[Cultural Attachment ]

The Late Show with Stephen Colbert feels promising, if still imperfect

Stephen Colbert, right, with Vice President Joe Biden
Smith Galtney

Talk about your great moments in television: When Stephen Colbert charged the stage at the Ed Sullivan Theater last week, kicking off his new phase as host—and Letterman successor—of The Late Show, I felt positively giddy. I had no idea how much I missed this guy—those glasses, that hair, the way he danced. (Is there a better dancer on TV than Colbert? Okay, well, is there a better middle-aged, white-male dancer on TV?) Seated at his new desk in his new hi-tech, church-of-Stephen studio, Colbert’s megawatt, crap-munching grin and happiest-dude-in-show-business energy were potent. This man was all-in, fully invested. Even if the ship sank, he was prepared to fail and fail BIG.

Since The Colbert Report ended its 10-season run in December, we’ve had plenty of time to (a) wonder how its host would stop spoofing Bill O’Reilly and start being himself and (b) worry if such a transition would kill Colbert’s mojo. But aside from maybe his blazer being a lighter shade of navy, the real Colbert isn’t so different from the late “Colbert.” “I used to play a narcissistic, conservative pundit,” he told guest Jeb Bush on the debut show. “Now I’m just a narcissist.”

Indeed, the first section of each Late Show, when it’s all-Stephen-and-nothing-but, is pure joy. Some gags are dull, like a segment called “The Hat Has Spoken,” in which Colbert dons a big furry hat and issues proclamations such as, “On a really hot day, anyone who says, ‘Hot enough for you?’ to another person will immediately be set on fire.” But now with Jon Stewart gone, how wonderful is it to have a Daily Show alumnus read us the news again? The persistent shots at Hillary (“What’s the difference between Donald Trump’s hair and Bernie Sanders’ hair? I’ve been advised to make the punchline about Donald Trump’s hair so as not to alienate left-leaning Democrats.”) and the Donald himself (“Knock knock. Who’s there? Orange. Orange who? Speaking of Donald Trump …”) taste as sweet as ever.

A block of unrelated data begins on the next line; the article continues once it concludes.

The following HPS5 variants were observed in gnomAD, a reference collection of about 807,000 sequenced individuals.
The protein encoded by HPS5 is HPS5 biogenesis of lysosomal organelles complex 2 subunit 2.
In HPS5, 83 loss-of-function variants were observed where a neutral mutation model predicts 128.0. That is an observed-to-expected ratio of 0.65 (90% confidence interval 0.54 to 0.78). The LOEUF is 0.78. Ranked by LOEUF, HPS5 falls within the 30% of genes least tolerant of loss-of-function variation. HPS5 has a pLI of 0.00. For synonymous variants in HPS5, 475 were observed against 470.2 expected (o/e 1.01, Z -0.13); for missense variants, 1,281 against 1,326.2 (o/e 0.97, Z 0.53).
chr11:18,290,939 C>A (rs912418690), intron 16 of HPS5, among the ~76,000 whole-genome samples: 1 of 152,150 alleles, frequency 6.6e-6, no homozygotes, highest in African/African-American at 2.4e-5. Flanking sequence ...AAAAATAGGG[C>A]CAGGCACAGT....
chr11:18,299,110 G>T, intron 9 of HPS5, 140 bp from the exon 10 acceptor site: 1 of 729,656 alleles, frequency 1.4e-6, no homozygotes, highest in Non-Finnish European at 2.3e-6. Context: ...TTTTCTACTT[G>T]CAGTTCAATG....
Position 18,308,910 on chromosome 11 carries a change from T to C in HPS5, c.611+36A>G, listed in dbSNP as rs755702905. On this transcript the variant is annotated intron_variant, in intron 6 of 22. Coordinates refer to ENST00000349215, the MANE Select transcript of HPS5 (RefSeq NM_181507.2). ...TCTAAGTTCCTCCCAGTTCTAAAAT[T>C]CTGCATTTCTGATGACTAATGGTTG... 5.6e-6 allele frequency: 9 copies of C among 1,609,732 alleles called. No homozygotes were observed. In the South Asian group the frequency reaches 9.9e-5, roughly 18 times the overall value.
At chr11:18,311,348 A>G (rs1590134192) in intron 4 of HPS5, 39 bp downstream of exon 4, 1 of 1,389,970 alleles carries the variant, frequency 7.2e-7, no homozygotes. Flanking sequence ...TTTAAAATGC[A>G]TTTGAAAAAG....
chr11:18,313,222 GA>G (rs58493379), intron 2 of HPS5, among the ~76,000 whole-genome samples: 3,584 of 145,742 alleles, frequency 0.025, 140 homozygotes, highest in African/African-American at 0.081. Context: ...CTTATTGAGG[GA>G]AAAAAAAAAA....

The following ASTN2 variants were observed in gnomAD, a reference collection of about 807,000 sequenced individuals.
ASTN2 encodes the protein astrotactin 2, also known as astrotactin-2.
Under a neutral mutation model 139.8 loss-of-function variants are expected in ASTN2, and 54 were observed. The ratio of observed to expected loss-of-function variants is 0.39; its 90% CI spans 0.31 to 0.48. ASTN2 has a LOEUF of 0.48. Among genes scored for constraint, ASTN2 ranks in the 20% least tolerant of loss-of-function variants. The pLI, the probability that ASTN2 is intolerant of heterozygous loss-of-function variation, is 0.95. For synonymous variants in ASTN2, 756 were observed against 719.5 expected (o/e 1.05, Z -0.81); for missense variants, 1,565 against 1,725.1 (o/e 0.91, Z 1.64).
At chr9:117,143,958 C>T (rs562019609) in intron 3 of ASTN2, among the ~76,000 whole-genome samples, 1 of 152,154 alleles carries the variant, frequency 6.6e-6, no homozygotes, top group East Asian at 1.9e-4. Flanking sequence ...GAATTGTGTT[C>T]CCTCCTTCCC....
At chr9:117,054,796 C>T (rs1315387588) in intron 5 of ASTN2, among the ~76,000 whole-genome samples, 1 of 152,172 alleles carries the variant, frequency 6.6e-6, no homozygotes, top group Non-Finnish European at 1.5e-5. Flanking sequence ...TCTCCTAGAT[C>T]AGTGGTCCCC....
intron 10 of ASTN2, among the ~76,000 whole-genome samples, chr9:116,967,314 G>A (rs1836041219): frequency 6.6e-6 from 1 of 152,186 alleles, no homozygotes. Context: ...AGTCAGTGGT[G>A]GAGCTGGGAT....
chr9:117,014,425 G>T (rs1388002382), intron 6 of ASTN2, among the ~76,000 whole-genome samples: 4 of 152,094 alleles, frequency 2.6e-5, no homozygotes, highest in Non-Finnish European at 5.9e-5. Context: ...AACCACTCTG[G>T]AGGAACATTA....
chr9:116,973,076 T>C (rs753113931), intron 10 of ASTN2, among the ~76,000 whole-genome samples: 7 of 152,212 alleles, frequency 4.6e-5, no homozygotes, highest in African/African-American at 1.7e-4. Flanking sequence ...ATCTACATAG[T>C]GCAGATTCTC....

But when the guests arrive, things quickly feel off. Some are great (Amy Schumer, Emily Blunt). Some are a snooze (George Clooney, Scarlett Johansson). But Colbert is just so damn nice—earnestly, butt-kissingly, brown-nosingly nice. He has fun with billionaire Elon Musk (whom he compares to both Tony Stark and Lex Luthor) and Uber CEO Travis Kalanick (whose plan for Uber food delivery gets flat-out teased). But if it’s a politician, Colbert devolves into Arsenio Hall, giving both Jeb Bush and Joe Biden the impression that they have his vote. As the Washington Post recently put it, “If you’re nice to everyone, if you tell everyone how terrific they’d be as president, then your enthusiasm ceases to mean anything.”

Perhaps the hairpin turns from irony to extreme sincerity are preliminary attempts to immediately distance himself from the former “Stephen Colbert,” and that split will even itself out over time. (Letterman, after all, was weirdly nice in his early interviews, too.) And guess who’s coming to dinner on September 22? Trump, whom Colbert recently referred to as an “Oompa-LoompAmerican.” As if you and I and everyone else won’t be watching.

The Late Show with Stephen Colbert, Monday-Friday, 11:35 p.m., CBS.

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